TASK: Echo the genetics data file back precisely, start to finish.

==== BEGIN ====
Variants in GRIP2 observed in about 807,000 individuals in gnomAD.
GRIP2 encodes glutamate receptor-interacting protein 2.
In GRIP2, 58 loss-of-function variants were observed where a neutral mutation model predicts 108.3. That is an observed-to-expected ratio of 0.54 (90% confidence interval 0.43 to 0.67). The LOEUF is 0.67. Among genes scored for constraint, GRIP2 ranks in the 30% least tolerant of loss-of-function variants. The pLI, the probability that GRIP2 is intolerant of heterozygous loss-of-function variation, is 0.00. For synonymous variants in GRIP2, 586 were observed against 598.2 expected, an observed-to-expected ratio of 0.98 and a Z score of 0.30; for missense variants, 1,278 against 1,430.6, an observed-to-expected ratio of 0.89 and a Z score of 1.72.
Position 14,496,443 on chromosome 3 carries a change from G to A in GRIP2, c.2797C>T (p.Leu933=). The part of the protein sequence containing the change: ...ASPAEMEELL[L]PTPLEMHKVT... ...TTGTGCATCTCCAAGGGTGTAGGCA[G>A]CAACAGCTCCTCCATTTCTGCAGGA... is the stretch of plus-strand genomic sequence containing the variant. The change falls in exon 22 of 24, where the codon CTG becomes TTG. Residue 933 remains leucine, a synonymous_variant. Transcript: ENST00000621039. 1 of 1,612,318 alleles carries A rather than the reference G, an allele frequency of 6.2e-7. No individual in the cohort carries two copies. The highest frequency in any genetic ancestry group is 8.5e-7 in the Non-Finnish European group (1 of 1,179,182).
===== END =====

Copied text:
Variants in GRIP2 observed in about 807,000 individuals in gnomAD.
GRIP2 encodes glutamate receptor-interacting protein 2.
In GRIP2, 58 loss-of-function variants were observed where a neutral mutation model predicts 108.3. That is an observed-to-expected ratio of 0.54 (90% confidence interval 0.43 to 0.67). The LOEUF is 0.67. Among genes scored for constraint, GRIP2 ranks in the 30% least tolerant of loss-of-function variants. The pLI, the probability that GRIP2 is intolerant of heterozygous loss-of-function variation, is 0.00. For synonymous variants in GRIP2, 586 were observed against 598.2 expected, an observed-to-expected ratio of 0.98 and a Z score of 0.30; for missense variants, 1,278 against 1,430.6, an observed-to-expected ratio of 0.89 and a Z score of 1.72.
Position 14,496,443 on chromosome 3 carries a change from G to A in GRIP2, c.2797C>T (p.Leu933=). The part of the protein sequence containing the change: ...ASPAEMEELL[L]PTPLEMHKVT... ...TTGTGCATCTCCAAGGGTGTAGGCA[G>A]CAACAGCTCCTCCATTTCTGCAGGA... is the stretch of plus-strand genomic sequence containing the variant. The change falls in exon 22 of 24, where the codon CTG becomes TTG. Residue 933 remains leucine, a synonymous_variant. Transcript: ENST00000621039. 1 of 1,612,318 alleles carries A rather than the reference G, an allele frequency of 6.2e-7. No individual in the cohort carries two copies. The highest frequency in any genetic ancestry group is 8.5e-7 in the Non-Finnish European group (1 of 1,179,182).